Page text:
- Ryanair’s CEO said the airline will not fly if it is forced to keep middle seats empty to maintain social distancing to stop the coronavirus spread.
- Michael O’Leary told the Financial Times that the idea would be “entirely ineffective,” making it impossible for the airline to make money while also not keeping passengers far enough apart anyway.
- “We can’t make money on 66% load factors,” he said, adding: “The middle seat doesn’t deliver any social distancing, so it’s kind of an idiotic idea that doesn’t achieve anything anyway.”
- Some airlines have said they will keep empty seats between passengers, and the EU said social distancing rules will need to be in place. Ryanair is an Irish airline.
- Ryanair, like most other airlines, has had to ground most of its flights, but O’Leary said it expects most flights to resume this year if a middle seat rule is not put in place.
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The CEO of Ryanair, one of the world’s largest airlines, said his planes won’t fly if the airline has to keep the middle seat empty to comply with “idiotic” social distancing rules due to the coronavirus.
Michael O’Leary told the Financial Times that the proposal would be “entirely ineffective” — even as experts proposed it and some airlines have agreed to it as a way to keep social distancing in place as countries start to reopen and more flights resume.
O’Leary said that the Irish airline’s plans to start flying more would be ruined by “some entirely ineffective social distancing measures like having middle seats empty because if middle seats are empty we’re not returning to flying at all.”
He said that the airline had told the Irish government that if it tried to impose such a rule then “either the government pays for the middle seat or we won’t fly.”
O’Leary also said that the airline could not make a profit by having so few people on planes, and that simply not having anyone sitting in a middle seat would not leave people far enough apart to create effective social distancing anyway.
“We can’t make money on 66% load factors. Even if you do that, the middle seat doesn’t deliver any social distancing, so it’s kind of an idiotic idea that doesn’t achieve anything anyway,” he said.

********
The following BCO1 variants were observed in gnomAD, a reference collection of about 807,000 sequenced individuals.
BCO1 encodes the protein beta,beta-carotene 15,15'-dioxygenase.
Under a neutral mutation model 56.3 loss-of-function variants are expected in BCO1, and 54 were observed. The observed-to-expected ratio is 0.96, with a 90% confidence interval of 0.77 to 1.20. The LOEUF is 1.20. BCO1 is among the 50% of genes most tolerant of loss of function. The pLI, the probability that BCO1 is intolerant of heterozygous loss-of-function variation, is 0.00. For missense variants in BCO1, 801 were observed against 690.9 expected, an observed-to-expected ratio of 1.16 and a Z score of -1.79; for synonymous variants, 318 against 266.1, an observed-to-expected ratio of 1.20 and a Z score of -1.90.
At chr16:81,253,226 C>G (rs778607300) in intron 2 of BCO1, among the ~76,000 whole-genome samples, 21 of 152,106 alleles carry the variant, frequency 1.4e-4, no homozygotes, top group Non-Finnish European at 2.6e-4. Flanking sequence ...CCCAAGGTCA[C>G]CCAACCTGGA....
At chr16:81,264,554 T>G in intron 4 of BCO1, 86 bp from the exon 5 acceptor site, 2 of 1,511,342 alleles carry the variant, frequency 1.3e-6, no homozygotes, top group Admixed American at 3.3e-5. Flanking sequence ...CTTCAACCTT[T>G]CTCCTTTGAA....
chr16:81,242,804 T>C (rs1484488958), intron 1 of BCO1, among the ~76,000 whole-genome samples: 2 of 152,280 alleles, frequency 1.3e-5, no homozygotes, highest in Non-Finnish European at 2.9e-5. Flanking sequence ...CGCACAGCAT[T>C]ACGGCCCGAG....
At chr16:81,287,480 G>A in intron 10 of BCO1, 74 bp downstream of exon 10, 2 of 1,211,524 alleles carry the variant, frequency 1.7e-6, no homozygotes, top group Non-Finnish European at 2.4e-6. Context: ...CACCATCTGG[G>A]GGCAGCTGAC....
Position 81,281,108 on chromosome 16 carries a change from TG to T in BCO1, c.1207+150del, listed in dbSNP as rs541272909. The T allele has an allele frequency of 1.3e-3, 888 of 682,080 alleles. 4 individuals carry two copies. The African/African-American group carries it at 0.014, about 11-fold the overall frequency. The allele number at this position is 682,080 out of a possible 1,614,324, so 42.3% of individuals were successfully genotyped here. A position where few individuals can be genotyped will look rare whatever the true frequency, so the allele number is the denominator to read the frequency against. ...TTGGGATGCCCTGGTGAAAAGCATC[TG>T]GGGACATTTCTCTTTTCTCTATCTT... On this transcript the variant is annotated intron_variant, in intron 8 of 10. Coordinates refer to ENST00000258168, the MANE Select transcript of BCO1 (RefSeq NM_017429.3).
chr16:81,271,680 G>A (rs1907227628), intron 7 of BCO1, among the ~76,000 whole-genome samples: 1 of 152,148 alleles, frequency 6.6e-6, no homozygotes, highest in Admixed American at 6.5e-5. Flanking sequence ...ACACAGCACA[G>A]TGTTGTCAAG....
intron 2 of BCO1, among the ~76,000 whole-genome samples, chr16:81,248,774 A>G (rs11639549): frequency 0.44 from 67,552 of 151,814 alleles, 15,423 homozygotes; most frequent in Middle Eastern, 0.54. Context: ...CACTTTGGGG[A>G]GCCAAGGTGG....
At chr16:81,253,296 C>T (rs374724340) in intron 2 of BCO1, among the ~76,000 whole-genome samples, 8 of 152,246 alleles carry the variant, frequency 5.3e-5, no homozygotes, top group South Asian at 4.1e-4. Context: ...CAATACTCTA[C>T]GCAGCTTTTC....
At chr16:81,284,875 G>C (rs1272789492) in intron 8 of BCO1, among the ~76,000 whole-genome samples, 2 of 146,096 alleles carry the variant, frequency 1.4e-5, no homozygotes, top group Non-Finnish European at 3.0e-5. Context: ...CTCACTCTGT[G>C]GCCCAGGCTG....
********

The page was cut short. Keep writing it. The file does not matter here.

The low-cost airline, which flies primarily in Europe, is the world’s largest airline by the number of routes, and was in 2019 it ranked as the world’s fifth-biggest airline by the number of seats available to passengers.
‘If social distancing is imposed, cheap travel is over’
The idea that planes should fly without a middle seat passenger has been recommended by analysts, and the EU’s Transport Commissioner, Adina Valean, said some social distancing rules will need to be in place in airports and planes, though she did not specify whether there would be rules about middle seats.
Long-haul airline Emirates said this week that it will keep empty seats between individuals and groups on flights, while US airline Delta said it will leave middle seats empty to “help customers and employees practice social distancing.”
Alexandre de Juniac, the head of International Air Transport Association (IATA) — the airline industry’s global trade body — told Reuters that airlines are likely going to have to keep the middle seat empty on flights from now on.
But he has also warned that social distancing measures could particularly harm low-cost airlines, as they would be forced to increase ticket prices.
“So it means that if social distancing is imposed, cheap travel is over,” he said.
It is not yet clear how effective removing the middle passenger would be for social distancing.
The BBC reported that, on an average plane, you would need to be more than four seats apart from other people in order to be the recommended two meters or six feet away from each other.
Health experts have been supportive of removing the middle seat in the short term, even as they acknowledged that it may not be economically sustainable in the long term, the BBC added.
Like the rest of the industry, Ryanair’s flights have been decimated by the virus. As of March, Ryanair was operating fewer than 20 flights a day — less than 1% of their usual daily average of 2,500.
O’Leary said the airline expects to run around 40% of its flights in July if air travel is resumed by then, and said that around 50% to 60% of the seats would be filled.
He said he expects to run around 80% of its flights by September, but said that these plans would be ruined if the airline couldn’t fill the middle seat.
The pandemic has already forced some airlines to shut, is expected to cost airlines hundreds of billions of dollars, and could cause low-cost fares to disappear.
But O’Leary is positive about his own airline’s future, expecting normal traffic to return by summer 2021 and for Ryanair to be fueled by rivals collapsing.